The More That Is Taken Away
Google Earth view. Act I, Year Three, May
You must praise the mutilated world - Adam Zagajewski
The More That Is Taken Away meditates on inheriting histories of mass violence. It is a performance in three Acts, an attempt to negotiate with the past and with its echoes in the present.
Beginning in late 2011, I made an earthwork behind my house in rural upstate New York, an excavation that is both a construct and a site. The work is done unassisted and with hand tools. The dimensions of the excavation are 60 x 10 x 4.5 feet. The site includes the digging area, the mound of excavated dirt, and the small field that surrounds them.
In Act 1 the excavation evolved by subtraction. Sculptural shapes were successively created, damaged by natural forces, re-shaped, and removed. In Act 2, I shaved off my long hair. At twenty stations along the site I filmed myself undressing, then photographed myself lying in the pit. For Act 3, these “body” photographs were printed life-size on cotton fabric and exhibited in a work-in-progress gallery installation. Afterwards I buried them in the pit in the positions of the original poses. The site has been leveled and seeded with grasses and wildflowers, in which the “body” images are reappearing as semi-legible forms.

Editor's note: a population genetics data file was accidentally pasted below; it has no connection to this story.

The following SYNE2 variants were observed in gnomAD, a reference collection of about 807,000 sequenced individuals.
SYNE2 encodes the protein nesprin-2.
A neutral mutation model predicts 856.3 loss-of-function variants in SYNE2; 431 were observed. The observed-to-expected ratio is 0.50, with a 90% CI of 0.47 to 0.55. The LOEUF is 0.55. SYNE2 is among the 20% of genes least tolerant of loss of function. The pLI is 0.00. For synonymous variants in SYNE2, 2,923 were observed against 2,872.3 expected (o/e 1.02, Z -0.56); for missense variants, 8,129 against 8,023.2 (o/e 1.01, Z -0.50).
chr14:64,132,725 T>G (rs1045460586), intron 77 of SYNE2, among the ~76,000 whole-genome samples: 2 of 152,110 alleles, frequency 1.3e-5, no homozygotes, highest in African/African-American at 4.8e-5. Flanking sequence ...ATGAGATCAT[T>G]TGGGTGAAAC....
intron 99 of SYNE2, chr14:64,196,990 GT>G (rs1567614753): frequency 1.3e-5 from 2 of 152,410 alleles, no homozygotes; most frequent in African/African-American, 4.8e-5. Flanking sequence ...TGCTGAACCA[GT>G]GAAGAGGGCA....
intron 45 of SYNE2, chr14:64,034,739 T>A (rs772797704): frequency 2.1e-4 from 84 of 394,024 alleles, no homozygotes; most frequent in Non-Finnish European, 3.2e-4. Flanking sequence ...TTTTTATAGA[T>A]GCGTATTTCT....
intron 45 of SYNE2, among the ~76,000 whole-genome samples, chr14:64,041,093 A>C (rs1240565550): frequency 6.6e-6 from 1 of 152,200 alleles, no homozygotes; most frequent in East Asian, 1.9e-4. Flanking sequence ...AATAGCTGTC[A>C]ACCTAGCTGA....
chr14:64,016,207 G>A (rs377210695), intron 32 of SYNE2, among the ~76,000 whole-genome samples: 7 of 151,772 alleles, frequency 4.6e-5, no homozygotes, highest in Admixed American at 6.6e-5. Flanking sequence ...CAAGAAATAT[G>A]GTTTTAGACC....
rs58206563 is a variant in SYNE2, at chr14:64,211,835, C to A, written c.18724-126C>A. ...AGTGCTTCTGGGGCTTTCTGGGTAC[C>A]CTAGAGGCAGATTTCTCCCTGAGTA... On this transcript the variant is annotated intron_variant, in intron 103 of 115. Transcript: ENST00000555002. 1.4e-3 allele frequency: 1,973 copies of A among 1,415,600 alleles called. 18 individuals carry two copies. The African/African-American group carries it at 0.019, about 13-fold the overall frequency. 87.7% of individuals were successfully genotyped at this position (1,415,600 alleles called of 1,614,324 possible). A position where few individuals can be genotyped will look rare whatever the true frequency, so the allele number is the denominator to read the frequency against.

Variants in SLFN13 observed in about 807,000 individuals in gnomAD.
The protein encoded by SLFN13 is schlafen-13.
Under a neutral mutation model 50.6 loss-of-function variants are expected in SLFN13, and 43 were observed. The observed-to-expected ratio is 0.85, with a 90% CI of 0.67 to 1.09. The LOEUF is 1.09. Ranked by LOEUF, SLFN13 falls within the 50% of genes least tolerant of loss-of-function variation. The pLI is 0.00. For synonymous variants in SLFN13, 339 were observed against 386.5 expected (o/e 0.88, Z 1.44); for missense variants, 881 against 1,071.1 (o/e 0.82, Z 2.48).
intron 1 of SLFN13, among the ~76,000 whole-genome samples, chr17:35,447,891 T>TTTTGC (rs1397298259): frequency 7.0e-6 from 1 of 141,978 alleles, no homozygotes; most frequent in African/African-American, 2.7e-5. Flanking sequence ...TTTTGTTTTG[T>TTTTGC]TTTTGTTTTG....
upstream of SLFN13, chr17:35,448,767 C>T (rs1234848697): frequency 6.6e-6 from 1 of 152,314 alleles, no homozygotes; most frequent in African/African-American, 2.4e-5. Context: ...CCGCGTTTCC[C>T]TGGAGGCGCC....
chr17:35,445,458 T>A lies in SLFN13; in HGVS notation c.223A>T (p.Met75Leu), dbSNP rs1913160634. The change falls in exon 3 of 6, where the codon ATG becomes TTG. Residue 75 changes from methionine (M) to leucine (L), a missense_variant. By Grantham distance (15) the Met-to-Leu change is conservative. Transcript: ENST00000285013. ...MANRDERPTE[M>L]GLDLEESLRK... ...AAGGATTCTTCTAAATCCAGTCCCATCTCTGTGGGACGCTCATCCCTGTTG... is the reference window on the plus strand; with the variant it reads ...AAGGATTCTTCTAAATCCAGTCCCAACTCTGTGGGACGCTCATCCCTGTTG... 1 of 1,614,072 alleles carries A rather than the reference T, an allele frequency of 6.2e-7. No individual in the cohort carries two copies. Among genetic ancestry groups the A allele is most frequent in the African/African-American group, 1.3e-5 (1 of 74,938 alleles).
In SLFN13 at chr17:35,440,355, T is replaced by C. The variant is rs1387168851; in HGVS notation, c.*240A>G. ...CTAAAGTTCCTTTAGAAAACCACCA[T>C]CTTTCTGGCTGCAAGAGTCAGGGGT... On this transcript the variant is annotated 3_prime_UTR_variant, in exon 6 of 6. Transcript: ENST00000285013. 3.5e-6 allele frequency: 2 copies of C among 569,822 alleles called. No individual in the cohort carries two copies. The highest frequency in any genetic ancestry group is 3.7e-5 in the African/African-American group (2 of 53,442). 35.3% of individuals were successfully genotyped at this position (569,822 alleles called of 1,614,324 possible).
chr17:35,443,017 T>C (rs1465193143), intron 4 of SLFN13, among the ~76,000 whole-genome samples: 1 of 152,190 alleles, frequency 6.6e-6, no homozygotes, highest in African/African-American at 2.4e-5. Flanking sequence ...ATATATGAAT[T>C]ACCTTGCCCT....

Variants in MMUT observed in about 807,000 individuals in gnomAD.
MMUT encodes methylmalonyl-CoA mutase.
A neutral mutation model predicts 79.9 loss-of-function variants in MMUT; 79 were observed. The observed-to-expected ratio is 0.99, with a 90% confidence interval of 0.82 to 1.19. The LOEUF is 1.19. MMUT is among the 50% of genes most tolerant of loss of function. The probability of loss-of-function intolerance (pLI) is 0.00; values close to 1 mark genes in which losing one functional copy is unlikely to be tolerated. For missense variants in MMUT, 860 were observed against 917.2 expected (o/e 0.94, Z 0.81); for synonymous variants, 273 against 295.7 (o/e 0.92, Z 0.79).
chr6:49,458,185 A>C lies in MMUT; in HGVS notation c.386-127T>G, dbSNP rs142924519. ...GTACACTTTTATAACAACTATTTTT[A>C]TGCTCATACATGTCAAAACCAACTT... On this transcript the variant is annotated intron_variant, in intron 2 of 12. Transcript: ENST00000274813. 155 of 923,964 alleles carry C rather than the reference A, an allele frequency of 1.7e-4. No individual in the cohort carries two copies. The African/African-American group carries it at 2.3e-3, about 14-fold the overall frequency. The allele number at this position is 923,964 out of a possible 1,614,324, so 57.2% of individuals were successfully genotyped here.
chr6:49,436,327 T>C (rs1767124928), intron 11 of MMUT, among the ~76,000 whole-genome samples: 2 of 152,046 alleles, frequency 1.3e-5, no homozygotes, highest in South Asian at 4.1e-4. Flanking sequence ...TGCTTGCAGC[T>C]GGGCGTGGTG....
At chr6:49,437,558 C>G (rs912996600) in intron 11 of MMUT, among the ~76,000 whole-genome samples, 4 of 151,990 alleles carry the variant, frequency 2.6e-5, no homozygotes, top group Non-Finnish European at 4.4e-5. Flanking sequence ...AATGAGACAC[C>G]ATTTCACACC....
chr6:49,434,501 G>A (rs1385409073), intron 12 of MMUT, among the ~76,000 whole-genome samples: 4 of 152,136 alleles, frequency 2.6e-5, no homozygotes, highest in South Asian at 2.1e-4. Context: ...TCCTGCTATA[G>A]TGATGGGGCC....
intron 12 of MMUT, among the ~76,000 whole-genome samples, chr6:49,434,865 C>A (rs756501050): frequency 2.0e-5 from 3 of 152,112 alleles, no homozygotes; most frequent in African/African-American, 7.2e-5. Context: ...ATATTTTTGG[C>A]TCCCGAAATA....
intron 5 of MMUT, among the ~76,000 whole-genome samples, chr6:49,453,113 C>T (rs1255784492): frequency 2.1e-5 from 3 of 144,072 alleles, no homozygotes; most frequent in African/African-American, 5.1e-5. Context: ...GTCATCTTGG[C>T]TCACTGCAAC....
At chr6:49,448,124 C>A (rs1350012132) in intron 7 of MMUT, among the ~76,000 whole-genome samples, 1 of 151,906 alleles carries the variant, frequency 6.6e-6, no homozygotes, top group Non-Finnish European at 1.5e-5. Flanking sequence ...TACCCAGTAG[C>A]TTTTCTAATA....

Physical work is essentially complete, with post-production in 2019/2020. The traces of that work are a complete video record and a set of large-format black-and-white photographs. These materials are exhibited in a variety of combinations and media: a mid-length movie; large installations with the photographs, projections, and multi-channel video; a published book; and an artist book.
The More That Is Taken Away is made possible in part with funds from the John Simon Guggenheim Foundation and the New York State Council on the Arts (Individual Artist and Electronic Media and Film Finishing Funds grants), the former administered by NYFA Fiscal Sponsorship, a program of the New York Foundation for the Arts and the latter by the ARTS Council of the Southern Finger Lakes (www.gf.org, www.NYSCSA.org, www.nyfa.org, www.eARTS.org).